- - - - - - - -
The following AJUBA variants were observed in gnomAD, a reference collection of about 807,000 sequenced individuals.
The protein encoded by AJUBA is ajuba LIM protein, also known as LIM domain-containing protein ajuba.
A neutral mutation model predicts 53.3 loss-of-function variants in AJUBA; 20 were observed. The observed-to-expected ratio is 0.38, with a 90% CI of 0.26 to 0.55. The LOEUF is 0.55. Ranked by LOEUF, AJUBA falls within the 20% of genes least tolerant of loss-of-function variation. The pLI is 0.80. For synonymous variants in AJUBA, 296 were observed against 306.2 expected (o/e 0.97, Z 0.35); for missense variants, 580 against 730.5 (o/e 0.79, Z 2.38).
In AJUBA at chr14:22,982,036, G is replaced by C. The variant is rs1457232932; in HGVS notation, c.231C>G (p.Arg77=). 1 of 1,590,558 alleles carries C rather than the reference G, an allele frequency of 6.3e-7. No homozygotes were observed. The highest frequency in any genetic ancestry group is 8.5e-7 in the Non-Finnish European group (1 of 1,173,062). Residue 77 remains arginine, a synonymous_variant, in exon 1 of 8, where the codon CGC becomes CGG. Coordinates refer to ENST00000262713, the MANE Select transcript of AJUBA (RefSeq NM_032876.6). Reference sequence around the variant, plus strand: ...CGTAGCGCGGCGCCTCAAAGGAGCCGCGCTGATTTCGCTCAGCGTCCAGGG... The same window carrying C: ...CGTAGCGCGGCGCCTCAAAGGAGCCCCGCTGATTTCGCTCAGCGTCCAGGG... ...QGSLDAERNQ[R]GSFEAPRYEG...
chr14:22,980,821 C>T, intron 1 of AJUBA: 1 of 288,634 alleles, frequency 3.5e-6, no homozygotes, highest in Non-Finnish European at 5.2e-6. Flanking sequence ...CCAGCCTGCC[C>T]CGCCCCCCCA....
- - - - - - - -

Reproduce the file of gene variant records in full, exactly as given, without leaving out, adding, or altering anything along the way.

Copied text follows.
The following AJUBA variants were observed in gnomAD, a reference collection of about 807,000 sequenced individuals.
The protein encoded by AJUBA is ajuba LIM protein, also known as LIM domain-containing protein ajuba.
A neutral mutation model predicts 53.3 loss-of-function variants in AJUBA; 20 were observed. The observed-to-expected ratio is 0.38, with a 90% CI of 0.26 to 0.55. The LOEUF is 0.55. Ranked by LOEUF, AJUBA falls within the 20% of genes least tolerant of loss-of-function variation. The pLI is 0.80. For synonymous variants in AJUBA, 296 were observed against 306.2 expected (o/e 0.97, Z 0.35); for missense variants, 580 against 730.5 (o/e 0.79, Z 2.38).
In AJUBA at chr14:22,982,036, G is replaced by C. The variant is rs1457232932; in HGVS notation, c.231C>G (p.Arg77=). 1 of 1,590,558 alleles carries C rather than the reference G, an allele frequency of 6.3e-7. No homozygotes were observed. The highest frequency in any genetic ancestry group is 8.5e-7 in the Non-Finnish European group (1 of 1,173,062). Residue 77 remains arginine, a synonymous_variant, in exon 1 of 8, where the codon CGC becomes CGG. Coordinates refer to ENST00000262713, the MANE Select transcript of AJUBA (RefSeq NM_032876.6). Reference sequence around the variant, plus strand: ...CGTAGCGCGGCGCCTCAAAGGAGCCGCGCTGATTTCGCTCAGCGTCCAGGG... The same window carrying C: ...CGTAGCGCGGCGCCTCAAAGGAGCCCCGCTGATTTCGCTCAGCGTCCAGGG... ...QGSLDAERNQ[R]GSFEAPRYEG...
chr14:22,980,821 C>T, intron 1 of AJUBA: 1 of 288,634 alleles, frequency 3.5e-6, no homozygotes, highest in Non-Finnish European at 5.2e-6. Flanking sequence ...CCAGCCTGCC[C>T]CGCCCCCCCA....